Ottmar Hitzfeld: Wikis

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Ottmar Hitzfeld
Hitzfeld BMK.jpg
Personal information
Date of birth January 12, 1949 (1949-01-12) (age 61)
Place of birth    Lörrach, today Baden-Württemberg, West Germany
Playing position Striker
Club information
Current club Switzerland (manager)
Youth career
1960–1967 TuS Stetten
Senior career1
Years Club App (Gls)*
1967–1971
1971–1975
1975–1978
1978–1980
1980–1983
FV Lörrach
FC Basel
VfB Stuttgart
FC Lugano
FC Luzern


077 0(38)   
National team
1972 West Germany Olympic team
Teams managed
1983–1984
1984–1988
1988–1991
1991–1997
1998–2004
2007–2008
2008–
FC Zug
FC Aarau
Grasshopper Club Zürich
Borussia Dortmund
Bayern Munich
Bayern Munich
Switzerland

1 Senior club appearances and goals
counted for the domestic league only.
* Appearances (Goals)

Ottmar Hitzfeld (born 12 January 1949 in Lörrach, then Baden) is a German former football player (striker) and manager,[1] nicknamed der General ("the general").[2]

With a total of 18 major titles, mostly accumulated in his tenures with Grasshopper Club Zürich, Borussia Dortmund and Bayern Munich, the trained mathematics and sports teacher is not only the most successful German coach, but also one of the most outstanding in the history of the game. Twice he was elected "World Coach of the Year". Also, besides the legendary Ernst Happel, he is the only manager to win the European Cup/UEFA Champions League with two different clubs.

He currently holds the position as coach of the Swiss national football team.[1]

Contents

Career as player

Born in 1949 as the youngest of five children, Ottmar Hitzfeld started playing football in the late 1960s with TuS Stetten and FV Lörrach in the lower German leagues before he captured the attention of Swiss first division team FC Basel.[3] He joined the club, located on the other bank of the Rhine, in 1971. With this club the forward won the Swiss championship in 1972 and 1973, in the latter season even contributing as the top striker of Switzerland.[1] In 1975 also he won the cup with Basel.[4]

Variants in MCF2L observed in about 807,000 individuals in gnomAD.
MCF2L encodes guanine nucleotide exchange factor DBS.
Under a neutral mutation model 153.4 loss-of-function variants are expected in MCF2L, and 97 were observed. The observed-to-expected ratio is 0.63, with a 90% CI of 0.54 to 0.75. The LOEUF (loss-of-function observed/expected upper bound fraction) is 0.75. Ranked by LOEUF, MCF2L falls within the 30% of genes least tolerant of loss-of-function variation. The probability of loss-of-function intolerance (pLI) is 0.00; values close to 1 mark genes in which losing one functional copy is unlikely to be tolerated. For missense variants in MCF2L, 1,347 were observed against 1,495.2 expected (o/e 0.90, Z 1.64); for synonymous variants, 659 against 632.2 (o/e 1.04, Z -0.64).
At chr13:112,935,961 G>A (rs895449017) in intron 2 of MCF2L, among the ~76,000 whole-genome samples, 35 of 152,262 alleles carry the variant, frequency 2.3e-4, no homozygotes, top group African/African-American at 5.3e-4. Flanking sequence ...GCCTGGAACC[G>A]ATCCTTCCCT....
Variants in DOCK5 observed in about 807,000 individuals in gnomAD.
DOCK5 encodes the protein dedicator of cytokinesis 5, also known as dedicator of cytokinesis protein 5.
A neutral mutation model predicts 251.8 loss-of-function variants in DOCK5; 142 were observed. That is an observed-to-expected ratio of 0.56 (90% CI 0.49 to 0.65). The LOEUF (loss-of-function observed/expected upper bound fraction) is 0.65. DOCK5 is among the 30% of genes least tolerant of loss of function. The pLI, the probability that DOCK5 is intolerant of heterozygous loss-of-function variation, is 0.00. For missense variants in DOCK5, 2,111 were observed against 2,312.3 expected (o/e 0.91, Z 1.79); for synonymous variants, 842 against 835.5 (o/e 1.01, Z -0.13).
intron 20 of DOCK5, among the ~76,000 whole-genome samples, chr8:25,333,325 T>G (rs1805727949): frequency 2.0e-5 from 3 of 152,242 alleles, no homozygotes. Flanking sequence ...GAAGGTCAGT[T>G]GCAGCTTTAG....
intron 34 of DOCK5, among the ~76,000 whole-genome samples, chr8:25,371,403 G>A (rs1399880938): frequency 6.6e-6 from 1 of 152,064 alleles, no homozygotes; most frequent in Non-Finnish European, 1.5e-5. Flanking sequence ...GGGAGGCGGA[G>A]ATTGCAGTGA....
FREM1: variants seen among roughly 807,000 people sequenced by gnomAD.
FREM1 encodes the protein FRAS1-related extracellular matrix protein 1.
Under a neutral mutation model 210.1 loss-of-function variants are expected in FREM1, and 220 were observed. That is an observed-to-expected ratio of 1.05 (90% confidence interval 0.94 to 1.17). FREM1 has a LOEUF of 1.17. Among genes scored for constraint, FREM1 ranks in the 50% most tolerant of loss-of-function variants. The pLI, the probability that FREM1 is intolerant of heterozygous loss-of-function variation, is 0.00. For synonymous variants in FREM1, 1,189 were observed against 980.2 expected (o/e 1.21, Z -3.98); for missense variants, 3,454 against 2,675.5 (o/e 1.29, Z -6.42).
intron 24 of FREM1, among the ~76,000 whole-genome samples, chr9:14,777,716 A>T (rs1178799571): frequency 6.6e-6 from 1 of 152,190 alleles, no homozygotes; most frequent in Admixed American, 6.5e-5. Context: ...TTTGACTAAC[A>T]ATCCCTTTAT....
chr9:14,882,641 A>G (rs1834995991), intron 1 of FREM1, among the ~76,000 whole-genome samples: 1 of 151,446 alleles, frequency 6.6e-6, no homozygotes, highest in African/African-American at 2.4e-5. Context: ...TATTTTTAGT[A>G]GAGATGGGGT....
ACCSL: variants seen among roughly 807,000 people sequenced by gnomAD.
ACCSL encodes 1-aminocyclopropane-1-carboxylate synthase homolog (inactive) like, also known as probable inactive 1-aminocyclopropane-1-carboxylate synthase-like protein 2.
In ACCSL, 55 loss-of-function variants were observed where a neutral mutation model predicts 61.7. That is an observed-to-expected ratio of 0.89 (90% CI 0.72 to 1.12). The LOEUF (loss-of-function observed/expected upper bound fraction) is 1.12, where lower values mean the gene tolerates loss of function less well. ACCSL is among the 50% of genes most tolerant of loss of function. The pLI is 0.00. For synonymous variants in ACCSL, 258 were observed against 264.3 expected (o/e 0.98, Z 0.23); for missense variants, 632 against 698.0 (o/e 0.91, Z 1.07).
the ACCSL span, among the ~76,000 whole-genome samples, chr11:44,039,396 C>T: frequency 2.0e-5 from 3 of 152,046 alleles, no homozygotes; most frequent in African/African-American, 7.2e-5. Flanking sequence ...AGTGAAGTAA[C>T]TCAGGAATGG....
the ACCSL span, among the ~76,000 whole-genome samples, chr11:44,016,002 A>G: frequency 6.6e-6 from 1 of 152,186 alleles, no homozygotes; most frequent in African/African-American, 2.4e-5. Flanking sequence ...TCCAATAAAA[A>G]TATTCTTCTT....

In 1973, while playing at Basel, he graduated from nearby Lörrach college to be a teacher for mathematics and sports.

He retained his amateur status in order to be able to participate in the 1972 Summer Olympics in Munich. There he played amongst others with Uli Hoeneß, the later Bayern Munich player and general manager who would hire him as coach in the late 1990s. One of the highlights of this tournament was the first encounter of national sides of West and East Germany on the football pitch. West Germany lost this match 2-3 and thus failed to reach the semi-finals. In this match Hitzfeld scored one of the five goals he made in the course of the tournament.

In 1975, the 26 year old Hitzfeld accepted an offer by the then German second division side VfB Stuttgart. [5]. At the Swabian side, he was part of a legendary "100 goal offense" (the goal difference that season being 100:36). In one match against SSV Jahn Regensburg, he even scored six goals, which is still a record. After two years, in 1977, the team achieved promotion to the first division the Bundesliga. Hitzfeld had by that time scored 33 goals in 55 league matches. In the Bundesliga, the club finished the season a remarkable fourth. Hitzfeld contributed to this five goals in 22 matches.[5]

After three years with Stuttgart Hitzfeld returned to what by then had become his second home, Switzerland. There he played from 1978 to 1980 with FC Lugano before joining FC Luzern, where he finished his playing career in 1983, aged 34.

Career as coach

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Switzerland

Ottmar Hitzfeld got his first coaching position with FC Zug where he stayed for a year. In 1984 he followed an offer to coach FC Aarau where he settled for four years. His tenure there was crowned with his first title as coach, the 1988 Swiss Cup. By then he had attracted also the attention of the major Swiss club Grasshopper in Zürich. Between 1988 and 1991 he gained there another four trophies, starting with a repeat of his cup victory by the end of his first season.[6] The next year he followed up with the double before finishing his engagement with the defence of the Swiss Championship in 1991.[7]